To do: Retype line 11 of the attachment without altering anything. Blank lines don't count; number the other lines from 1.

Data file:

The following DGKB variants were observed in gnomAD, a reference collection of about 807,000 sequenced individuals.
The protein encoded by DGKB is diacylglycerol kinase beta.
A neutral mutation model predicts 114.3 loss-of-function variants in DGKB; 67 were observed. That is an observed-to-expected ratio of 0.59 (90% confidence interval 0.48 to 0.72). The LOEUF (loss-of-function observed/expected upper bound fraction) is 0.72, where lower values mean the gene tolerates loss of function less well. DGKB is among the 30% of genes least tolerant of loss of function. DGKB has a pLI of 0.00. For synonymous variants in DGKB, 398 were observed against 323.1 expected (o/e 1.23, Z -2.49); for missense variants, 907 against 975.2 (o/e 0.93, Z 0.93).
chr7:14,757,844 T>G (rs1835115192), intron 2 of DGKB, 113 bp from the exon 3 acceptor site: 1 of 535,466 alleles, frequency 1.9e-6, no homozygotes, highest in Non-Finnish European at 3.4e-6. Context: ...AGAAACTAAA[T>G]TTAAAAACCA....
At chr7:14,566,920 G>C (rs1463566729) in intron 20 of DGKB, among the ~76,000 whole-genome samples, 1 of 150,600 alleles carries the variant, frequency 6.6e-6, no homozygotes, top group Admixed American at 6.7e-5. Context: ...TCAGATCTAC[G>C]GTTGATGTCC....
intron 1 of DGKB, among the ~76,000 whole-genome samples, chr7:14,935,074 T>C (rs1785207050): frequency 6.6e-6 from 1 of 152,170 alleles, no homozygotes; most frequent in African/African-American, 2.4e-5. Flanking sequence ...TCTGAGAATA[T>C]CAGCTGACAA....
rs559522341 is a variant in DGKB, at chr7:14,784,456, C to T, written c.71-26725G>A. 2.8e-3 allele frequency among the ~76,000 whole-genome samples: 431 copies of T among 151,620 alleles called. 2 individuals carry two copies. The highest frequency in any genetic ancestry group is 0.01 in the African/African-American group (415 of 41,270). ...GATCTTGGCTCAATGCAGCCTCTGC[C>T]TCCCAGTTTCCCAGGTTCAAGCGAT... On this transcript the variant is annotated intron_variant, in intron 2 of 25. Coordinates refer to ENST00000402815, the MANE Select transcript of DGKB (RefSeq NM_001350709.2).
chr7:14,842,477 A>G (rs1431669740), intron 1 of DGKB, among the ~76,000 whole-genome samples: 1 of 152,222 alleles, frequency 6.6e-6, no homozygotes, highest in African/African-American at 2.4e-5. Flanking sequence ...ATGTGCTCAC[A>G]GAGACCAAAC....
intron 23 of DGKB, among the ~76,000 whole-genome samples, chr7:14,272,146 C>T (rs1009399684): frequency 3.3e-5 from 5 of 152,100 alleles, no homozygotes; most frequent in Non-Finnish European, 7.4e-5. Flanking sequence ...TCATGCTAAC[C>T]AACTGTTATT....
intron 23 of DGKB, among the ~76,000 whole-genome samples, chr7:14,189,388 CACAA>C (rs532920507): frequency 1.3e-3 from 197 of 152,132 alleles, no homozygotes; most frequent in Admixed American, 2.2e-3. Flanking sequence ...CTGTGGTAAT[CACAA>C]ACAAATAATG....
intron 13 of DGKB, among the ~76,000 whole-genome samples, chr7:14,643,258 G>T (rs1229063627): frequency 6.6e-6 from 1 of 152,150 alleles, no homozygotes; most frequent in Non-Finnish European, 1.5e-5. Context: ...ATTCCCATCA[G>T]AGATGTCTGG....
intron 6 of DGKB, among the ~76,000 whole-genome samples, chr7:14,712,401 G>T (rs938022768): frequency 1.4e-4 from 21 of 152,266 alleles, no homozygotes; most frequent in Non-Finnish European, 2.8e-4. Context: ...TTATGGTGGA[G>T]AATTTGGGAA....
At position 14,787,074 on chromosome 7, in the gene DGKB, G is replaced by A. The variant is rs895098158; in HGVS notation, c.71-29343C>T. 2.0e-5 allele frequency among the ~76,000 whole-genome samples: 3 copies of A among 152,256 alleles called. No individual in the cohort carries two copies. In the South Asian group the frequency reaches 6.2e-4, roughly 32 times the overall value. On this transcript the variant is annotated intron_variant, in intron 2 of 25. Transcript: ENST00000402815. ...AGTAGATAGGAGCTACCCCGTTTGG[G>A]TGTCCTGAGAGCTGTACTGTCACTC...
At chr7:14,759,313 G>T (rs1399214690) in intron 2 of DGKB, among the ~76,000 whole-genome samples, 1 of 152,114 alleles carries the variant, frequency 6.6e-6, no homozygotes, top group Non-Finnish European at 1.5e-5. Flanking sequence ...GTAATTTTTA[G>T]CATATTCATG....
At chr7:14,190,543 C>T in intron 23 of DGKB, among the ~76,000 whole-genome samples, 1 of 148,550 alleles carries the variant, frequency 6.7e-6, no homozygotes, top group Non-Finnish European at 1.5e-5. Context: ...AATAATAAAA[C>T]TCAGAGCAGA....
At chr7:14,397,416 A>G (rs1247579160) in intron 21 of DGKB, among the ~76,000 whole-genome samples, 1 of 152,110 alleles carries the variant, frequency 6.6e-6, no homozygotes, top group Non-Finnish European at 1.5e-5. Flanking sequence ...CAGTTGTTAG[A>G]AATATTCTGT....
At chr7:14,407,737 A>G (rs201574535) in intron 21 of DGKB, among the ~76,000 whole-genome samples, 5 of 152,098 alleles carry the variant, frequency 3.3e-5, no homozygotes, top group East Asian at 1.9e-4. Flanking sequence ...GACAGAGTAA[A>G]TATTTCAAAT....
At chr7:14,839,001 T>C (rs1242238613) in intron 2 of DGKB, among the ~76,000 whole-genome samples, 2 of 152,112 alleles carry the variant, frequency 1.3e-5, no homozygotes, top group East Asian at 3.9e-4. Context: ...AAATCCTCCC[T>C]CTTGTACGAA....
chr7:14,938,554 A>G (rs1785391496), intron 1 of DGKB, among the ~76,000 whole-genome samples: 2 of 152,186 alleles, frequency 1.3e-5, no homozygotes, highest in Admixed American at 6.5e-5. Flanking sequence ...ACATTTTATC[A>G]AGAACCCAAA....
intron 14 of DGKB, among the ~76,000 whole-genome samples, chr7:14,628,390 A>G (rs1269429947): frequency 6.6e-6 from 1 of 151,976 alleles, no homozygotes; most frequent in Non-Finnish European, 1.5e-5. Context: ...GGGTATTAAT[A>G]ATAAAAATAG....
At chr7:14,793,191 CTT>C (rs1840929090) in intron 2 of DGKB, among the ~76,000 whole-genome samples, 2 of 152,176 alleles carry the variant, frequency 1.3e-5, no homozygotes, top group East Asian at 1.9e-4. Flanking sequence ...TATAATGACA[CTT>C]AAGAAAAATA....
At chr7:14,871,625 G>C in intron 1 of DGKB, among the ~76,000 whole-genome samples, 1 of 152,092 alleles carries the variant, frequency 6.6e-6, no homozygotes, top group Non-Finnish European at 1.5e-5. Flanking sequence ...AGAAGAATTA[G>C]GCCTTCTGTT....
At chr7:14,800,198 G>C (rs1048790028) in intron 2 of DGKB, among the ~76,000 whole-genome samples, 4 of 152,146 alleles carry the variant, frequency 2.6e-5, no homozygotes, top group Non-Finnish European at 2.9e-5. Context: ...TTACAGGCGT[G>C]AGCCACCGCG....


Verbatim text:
intron 13 of DGKB, among the ~76,000 whole-genome samples, chr7:14,643,258 G>T (rs1229063627): frequency 6.6e-6 from 1 of 152,150 alleles, no homozygotes; most frequent in Non-Finnish European, 1.5e-5. Context: ...ATTCCCATCA[G>T]AGATGTCTGG....